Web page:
Summer, 2016: “Science, Technology, and Regulation” (PUBP 4440)
Georgia Tech’s Biomedical Engineering Galway Summer Program, held on the campus of the National University of Ireland – Galway (NUIG). The West of Ireland has become the European capital for the healthcare and medical device industries and the Galway area has a large number of international medical device companies (e.g. Medtronic, Boston Scientific, Cook Medical, Abbott, etc.). The course will cover regulatory history, markets and market failures, administrative law and procedures, public and expert inputs, and behavioral and social science-based approaches to regulation. This version of the regulatory policy course will focus on FDA and other agencies that regulate aspects of the biomedical arena, often using comparisons between US, Irish, and EU approaches.
Spring 2014, Spring 2011: “Science, Technology, and Human Values” (PHIL 3127)
Taught on the campus of the University of Victoria in Wellington, New Zealand, this course begins with an overview of major perspectives on individual ethics, focusing on a particular type of real-world decision that requires combining science, technology and values. Second, our knowledge of the present and the future is always uncertain, so how can we make wise and fair decisions? How do we balance potential benefits against potential risks when our knowledge is incomplete and tentative? An approach that is widely accepted in Europe, Australia, and New Zealand is “the precautionary principle.” Our approach to balancing uncertainties about scientific facts and moral values has broad implications. In the second part of this course we will focus on precaution, with applications to issues such as the risks of earthquakes and volcanic eruptions in New Zealand. We conclude by examining our obligations to posterity using constitutional/legal, political, economic, and ethical perspectives. For example, is progress so certain that we really don’t need to worry about our posterity? Or are we—including future professional engineers, managers, scientists, etc.— responsible for ensuring that future generations enjoy the same quality of life we want (or better)?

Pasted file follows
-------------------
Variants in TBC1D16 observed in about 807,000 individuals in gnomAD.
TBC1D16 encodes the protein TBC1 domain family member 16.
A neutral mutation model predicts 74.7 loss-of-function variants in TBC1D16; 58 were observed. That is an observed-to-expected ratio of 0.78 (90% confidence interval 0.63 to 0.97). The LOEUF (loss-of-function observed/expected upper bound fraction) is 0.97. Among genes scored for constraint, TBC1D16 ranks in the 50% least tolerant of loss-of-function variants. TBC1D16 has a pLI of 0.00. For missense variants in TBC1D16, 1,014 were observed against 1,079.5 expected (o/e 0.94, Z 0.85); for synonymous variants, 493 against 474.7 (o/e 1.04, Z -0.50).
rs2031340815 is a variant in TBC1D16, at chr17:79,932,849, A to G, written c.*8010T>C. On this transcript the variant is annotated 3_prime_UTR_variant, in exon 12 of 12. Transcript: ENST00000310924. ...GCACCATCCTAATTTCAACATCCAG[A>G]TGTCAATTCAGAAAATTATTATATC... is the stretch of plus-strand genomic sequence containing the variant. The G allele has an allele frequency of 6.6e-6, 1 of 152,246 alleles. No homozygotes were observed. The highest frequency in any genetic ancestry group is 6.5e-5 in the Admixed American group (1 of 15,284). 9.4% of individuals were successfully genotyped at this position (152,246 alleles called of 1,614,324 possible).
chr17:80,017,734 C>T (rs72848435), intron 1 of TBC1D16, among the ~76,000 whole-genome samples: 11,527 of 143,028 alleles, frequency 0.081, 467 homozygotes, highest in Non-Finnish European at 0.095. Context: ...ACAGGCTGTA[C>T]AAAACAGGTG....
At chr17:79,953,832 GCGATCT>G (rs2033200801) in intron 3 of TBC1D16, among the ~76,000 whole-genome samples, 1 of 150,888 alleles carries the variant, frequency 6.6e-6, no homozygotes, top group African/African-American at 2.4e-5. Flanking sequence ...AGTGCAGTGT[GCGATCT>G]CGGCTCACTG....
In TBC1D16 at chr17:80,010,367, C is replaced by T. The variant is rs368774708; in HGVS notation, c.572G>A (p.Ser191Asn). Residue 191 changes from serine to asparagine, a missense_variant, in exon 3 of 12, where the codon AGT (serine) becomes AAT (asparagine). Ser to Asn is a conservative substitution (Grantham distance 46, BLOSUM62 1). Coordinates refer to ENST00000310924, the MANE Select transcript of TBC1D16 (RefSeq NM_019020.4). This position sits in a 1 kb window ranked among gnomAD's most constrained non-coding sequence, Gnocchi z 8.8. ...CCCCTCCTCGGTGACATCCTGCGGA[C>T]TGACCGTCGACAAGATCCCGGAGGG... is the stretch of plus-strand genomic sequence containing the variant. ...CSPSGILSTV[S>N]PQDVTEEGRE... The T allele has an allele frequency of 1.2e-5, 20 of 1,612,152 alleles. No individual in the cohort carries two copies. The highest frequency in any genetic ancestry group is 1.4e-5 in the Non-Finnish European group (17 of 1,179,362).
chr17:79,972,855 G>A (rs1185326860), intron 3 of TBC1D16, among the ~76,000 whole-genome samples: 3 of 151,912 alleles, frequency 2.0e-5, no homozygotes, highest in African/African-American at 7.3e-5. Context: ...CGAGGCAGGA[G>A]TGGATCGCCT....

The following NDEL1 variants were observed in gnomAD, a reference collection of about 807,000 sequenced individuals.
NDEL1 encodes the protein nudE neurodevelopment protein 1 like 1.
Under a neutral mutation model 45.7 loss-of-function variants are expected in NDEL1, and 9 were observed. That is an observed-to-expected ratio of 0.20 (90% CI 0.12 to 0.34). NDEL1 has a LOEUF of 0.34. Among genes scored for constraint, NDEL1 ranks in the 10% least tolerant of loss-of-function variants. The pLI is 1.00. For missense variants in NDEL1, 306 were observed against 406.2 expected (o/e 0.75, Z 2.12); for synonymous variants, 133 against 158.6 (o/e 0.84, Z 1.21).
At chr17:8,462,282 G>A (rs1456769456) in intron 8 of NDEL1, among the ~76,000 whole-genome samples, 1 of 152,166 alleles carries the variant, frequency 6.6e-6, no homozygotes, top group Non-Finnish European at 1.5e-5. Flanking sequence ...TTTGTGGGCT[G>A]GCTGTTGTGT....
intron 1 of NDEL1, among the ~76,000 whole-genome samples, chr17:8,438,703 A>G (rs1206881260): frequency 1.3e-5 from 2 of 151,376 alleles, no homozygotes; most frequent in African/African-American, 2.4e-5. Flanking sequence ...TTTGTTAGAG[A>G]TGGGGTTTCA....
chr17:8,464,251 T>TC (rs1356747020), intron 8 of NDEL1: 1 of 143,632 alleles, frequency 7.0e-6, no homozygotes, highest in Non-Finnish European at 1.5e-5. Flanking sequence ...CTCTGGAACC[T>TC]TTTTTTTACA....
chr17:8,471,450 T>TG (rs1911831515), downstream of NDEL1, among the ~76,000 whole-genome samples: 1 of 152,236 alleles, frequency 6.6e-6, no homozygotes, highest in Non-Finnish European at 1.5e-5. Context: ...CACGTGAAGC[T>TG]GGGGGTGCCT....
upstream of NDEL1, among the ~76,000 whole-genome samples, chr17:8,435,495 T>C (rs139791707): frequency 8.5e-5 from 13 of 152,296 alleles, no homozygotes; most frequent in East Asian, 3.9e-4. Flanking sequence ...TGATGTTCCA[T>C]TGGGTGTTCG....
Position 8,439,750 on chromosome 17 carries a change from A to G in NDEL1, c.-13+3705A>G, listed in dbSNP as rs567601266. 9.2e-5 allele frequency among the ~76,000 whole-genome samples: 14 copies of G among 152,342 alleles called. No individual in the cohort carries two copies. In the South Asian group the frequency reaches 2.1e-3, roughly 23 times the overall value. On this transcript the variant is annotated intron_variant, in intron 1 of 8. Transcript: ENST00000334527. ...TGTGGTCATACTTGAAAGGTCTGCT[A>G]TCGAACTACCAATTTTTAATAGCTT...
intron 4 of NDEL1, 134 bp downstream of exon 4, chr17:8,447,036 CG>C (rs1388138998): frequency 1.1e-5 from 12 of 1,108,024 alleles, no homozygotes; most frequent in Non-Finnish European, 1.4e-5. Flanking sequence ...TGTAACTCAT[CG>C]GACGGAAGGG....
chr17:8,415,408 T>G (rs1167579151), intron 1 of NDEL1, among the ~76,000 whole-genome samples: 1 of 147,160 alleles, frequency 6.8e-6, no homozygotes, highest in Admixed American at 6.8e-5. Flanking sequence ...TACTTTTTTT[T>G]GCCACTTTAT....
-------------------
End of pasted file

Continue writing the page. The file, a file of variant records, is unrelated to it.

Summer 2012, Summer 2010, Summer 2009: “Government of the US” (POL 1101) and “Science, Technology, and Human Values” (PHIL 3127)